WASHINGTON — Defense Secretary Jim Mattis said his predecessor — Chuck Hagel — always put service to others above self, as the two men unveiled Hagel’s official portrait during a ceremony in the Pentagon courtyard today.
Hagel served as the 24th defense secretary from 2013 to 2015.
Hagel’s story began in Nebraska where he and his four brothers lived in a series of towns. He enlisted in the U.S. Army in April 1967 — followed soon after by his brother Tom — and the two served in the 9th Infantry Division in the Mekong River area of Vietnam during some of some of the toughest times in that war.
He returned to the United States, received a college degree and continued his service to America serving as a U.S. representative, a U.S. Senator and as Defense Secretary. “Our former secretary served as an Army sergeant wounded in action and rose to the very top of our department,” Mattis said during his remarks.
“He represents what is great about America: One who has put service to others before self, and from the firefights of Vietnam, then to the halls of Congress, then to the Pentagon and to our field and fleet units, he has stood strong all those years,” Mattis said of Hagel.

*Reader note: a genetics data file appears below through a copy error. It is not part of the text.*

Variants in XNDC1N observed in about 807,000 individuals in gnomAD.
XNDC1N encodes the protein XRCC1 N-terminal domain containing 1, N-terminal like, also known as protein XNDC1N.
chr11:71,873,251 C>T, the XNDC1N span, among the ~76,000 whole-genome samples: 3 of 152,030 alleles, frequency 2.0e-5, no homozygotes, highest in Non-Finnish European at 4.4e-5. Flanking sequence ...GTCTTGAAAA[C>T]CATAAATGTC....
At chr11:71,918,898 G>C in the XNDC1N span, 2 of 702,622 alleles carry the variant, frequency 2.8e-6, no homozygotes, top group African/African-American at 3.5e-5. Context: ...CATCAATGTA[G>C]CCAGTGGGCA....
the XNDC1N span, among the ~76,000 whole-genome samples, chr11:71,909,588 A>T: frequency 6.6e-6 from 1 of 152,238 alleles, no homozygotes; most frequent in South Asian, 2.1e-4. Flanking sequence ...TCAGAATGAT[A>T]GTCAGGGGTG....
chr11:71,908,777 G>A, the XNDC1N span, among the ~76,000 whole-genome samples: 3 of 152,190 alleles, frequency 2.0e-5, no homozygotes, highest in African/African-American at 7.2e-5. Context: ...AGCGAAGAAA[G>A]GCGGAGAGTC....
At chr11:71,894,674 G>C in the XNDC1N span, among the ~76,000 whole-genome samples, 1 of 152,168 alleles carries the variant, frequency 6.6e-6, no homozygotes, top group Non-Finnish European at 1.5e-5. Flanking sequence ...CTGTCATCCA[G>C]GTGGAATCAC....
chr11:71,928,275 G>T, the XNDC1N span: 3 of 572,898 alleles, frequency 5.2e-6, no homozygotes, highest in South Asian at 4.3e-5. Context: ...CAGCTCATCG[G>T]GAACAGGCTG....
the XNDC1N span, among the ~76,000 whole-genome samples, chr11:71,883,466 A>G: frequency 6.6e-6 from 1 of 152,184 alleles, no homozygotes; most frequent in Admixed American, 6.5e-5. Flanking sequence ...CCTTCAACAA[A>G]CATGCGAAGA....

Hagel’s other brother, Mike, who’s a well-known artist, painted the official portrait. It is a rendering of his brother, but surmounting it he painted the Combat Infantry Badge.
“You will see in the portrait there is only one object in the painting aside from its mediocre subject, and that is the Combat Infantry Badge — the CIB,” Hagel said. “As you all know, it is a U.S. Army decoration awarded to those who served in combat. It’s a symbol that conveys that part of my service to the country of which I am most proud of.
“What I am most proud of is serving our country alongside the quiet heroes that every generation of Americans produces,” Hagel continued.
“Heroes that neither receive nor seek glory or recognition. This uncommon courage and humility is the common denominator of the American people. It is a strong thread that is woven into the fabric of our society. In a volatile and uncertain time in our country and the world, it is this steady, confident and humble strength of character that will guide us through this current uncertainty.”
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